Serve hearty soup and rustic bread for St. Patrick’s Day

No corned beef and cabbage for us this year. As we were contemplating a lighter meal to celebrate St. Patrick’s Day, we turned to two new cookbooks by great Irish chefs. We’ve written before about Darina Allen, the cookbook author and co-founder of the Ballymaloe Cookery School, which is located on an organic farm in County Cork. Her new book, Simply Delicious: The Classic Collection (2019, Kyle Books, $29.99), gathers some of her favorite recipes from her television cooking show and cookbook series of the same name.

The 100 recipes illustrate Allen’s love of traditional Irish cooking as well as her enthusiasm for cuisines around the world. They represent her straightforward approach to creating good, flavorful food. We have to admit that we were initially drawn to her recipe for Green Pea Soup by its beautiful, fresh color in the photograph in the book. We thought it would make a lovely dish for a light St. Patrick’s Day lunch. It would also remind us of the promise of spring as we made our way through the dreary days of March. Unfortunately, it’s a little early in our part of the country for fresh green peas, but Allen advises that good-quality frozen peas also create a beautiful, tasty dish.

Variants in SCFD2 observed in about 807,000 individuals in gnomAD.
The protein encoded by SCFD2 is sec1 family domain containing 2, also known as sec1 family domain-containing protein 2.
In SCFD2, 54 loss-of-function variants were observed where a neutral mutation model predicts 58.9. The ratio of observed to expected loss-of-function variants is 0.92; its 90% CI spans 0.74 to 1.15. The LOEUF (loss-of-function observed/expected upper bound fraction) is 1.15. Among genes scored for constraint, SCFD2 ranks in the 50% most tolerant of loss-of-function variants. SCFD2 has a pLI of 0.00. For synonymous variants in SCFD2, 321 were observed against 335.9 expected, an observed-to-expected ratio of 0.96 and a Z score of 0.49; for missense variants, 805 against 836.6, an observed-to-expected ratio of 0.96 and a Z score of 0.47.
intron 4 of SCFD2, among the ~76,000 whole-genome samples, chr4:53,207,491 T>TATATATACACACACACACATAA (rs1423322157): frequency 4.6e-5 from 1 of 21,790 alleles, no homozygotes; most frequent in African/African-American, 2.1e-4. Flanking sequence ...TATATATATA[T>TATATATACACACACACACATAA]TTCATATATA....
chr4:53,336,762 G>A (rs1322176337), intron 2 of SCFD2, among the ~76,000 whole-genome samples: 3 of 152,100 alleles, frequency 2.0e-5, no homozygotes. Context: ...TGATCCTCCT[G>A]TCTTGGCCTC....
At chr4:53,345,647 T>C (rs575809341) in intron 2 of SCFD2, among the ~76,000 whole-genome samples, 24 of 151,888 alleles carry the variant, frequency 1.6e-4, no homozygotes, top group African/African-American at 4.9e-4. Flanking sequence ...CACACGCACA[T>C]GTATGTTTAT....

We found a good bread to accompany that soup in another new book, Clodagh’s Suppers by Clodagh McKenna (2019, Kyle Books, $24.99). McKenna, a cookbook author, television personality, and chef/owner of Clodagh’s Kitchen in Dublin, also trained and worked at Ballymaloe. Like Allen, McKenna celebrates the food traditions of her native Ireland while embracing global cuisines. Both women also share a deep appreciation of the power of food to bring people together. In fact, McKenna literally asks her guests to break bread around the table. It’s usually her Rosemary Clodagh Bread, a rustic variation of traditional Irish soda bread. It was just right with Allen’s soup.

Allen and McKenna kindly allowed us to share their recipes. Both recipes are courtesy of Kyle Books. The soup photo is by Peter Cassidy, the bread photo by Dora Kazmierak,